After the Champlain Towers South collapse, the city pushed harder. The city manager ordered his own audit on Tuesday, and Crestview got another notice and fine. The complex’s building manager finally appeared at the city building department on Friday with an 11-page report that was dated January. The report determined that the building was both structurally and electrically unsafe for “continued occupancy.”
On its website, the management company posted a notice 11 days ago saying that it was “currently working on to improve the condition of the building for the enjoyment of all of the building’s residents.”
The notice said the company was redoing the roof, getting a new generator to avoid fines, and hiring a company to change all of the building’s lighting, indoors and out. “The city demands this work from us to be able to pass the 40-year certification, which is something we could not postpone any longer,” the notice said of the lighting work.
The notice said the company also planned to paint common areas and had renovated the lounge, and acknowledged that recent flooring work had been shoddy. It did not mention the cracked concrete and corroded rebar that the engineer outlined in his report.
Mariel Tollinchi, a lawyer for the condo association board, said the board disputed the need for evacuation, adding that any building that has not completed its 40-year certification is considered “unsafe” even if it’s safe. She said the board thought the engineer’s report had been sent to the city long before Friday.
The report mentioned cracks, she said, but did not note that the cracks were not particularly deep and could be fixed with stucco. Another engineer, she said, has been hired to provide more details.
The board has been working on getting estimates for the repairs. Structural repair estimates came in at $ 250,000, but electrical work was priced “in the millions,” she said. “Even the general contractor did not agree with the report,” she said of the engineer’s findings. “He said he made it seem worse than it actually was.”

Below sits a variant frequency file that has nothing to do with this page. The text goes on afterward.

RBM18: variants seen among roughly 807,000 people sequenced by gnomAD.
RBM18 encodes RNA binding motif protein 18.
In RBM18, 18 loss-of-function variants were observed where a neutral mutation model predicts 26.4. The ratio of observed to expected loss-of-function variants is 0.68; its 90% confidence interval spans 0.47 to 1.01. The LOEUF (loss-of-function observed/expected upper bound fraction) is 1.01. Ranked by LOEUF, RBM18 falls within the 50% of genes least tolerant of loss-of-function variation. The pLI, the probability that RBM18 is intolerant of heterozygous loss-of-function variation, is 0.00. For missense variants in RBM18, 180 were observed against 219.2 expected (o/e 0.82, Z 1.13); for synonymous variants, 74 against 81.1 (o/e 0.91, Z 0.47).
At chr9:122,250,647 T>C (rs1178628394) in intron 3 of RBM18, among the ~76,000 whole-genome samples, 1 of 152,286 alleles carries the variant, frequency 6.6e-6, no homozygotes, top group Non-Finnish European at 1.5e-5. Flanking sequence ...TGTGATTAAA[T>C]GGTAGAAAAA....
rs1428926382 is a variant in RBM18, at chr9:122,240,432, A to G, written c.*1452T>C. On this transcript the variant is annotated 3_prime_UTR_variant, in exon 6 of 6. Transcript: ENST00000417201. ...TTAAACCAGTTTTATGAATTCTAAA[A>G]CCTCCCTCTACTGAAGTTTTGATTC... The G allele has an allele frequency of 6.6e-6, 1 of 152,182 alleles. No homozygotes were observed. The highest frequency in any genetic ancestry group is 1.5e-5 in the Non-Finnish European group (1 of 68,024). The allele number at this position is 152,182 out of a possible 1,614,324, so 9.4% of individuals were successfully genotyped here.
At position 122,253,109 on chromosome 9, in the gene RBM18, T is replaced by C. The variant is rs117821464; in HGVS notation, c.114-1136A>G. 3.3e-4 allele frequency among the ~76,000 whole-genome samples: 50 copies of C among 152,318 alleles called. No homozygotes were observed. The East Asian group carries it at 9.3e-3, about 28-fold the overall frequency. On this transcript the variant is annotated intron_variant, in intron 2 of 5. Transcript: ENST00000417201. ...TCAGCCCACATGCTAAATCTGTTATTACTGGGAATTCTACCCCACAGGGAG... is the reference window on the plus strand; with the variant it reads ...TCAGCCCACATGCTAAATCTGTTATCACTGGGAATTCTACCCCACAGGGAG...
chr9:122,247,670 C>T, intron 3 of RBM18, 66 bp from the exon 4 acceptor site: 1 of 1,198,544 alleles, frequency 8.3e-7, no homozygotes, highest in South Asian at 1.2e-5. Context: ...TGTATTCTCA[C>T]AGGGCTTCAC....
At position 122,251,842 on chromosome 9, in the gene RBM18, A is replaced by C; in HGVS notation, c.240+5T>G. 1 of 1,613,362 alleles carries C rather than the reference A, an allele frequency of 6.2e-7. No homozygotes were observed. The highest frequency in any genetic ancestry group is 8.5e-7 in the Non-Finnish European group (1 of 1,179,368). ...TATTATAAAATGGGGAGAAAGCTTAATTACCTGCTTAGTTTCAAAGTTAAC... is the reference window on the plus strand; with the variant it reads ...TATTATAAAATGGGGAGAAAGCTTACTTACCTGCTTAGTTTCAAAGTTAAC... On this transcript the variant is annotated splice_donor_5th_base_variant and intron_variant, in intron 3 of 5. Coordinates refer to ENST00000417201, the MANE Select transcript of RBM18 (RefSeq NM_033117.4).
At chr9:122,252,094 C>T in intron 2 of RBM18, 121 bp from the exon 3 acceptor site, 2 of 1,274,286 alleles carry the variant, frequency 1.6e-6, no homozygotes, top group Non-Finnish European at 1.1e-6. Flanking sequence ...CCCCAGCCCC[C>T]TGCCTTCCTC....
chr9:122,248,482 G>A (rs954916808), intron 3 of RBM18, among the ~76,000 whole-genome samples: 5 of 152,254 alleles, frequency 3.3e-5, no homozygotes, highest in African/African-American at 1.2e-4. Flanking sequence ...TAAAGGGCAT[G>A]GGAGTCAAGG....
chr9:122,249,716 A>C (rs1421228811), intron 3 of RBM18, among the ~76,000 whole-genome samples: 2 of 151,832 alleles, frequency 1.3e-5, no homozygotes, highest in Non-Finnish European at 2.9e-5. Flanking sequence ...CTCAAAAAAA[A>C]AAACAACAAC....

Residents, she said, should be back in the building within 30 days.
They were told on Friday that they could stay at a shelter on the county fairgrounds some 40 minutes away. “I would rather sleep in my car,” Mr. Jiménez said.
He wondered whether the owners, the city, management company — or anyone — would help relocate people like him who could not come up with $ 6,000 or $ 7,000 for security deposits and advance rent on another apartment.
“Everything we own is inside,” said Ramaxel Casas, his wife.
Estefania Grajales and her husband, Holman J. Pérez, said they were napping Friday evening and heard about the evacuation order from a neighbor.
It took an hour to get an elevator from the eighth floor, she said. Every time the elevator doors opened, they were jammed with someone else’s prized possessions.
“The elevators were full with suitcases, bicycles, cabinets, children, everything,” Ms. Grajales, 25, said. “This did not happen one day to the next. It was one hour to the next.”
At Champlain Towers South, officials said that the planned demolition would cause the “most minimal interruption” of search and rescue work at the site. A Maryland-based contractor, Controlled Demolition Inc., would use explosives to bring the remainder of the building down.
Governor DeSantis said that they were trying to get the job done before the strong winds and heavy rain of Tropical Storm Elsa arrive, even though forecasters expect the worst of the storm to pass by to the west. The storm may cause flooding and possible tornadoes across Florida.
Sophie Kasakove reported from Surfside, and Frances Robles from North Miami Beach, Fla.
Author: Sophie Kasakove, Frances Robles and Rick Rojas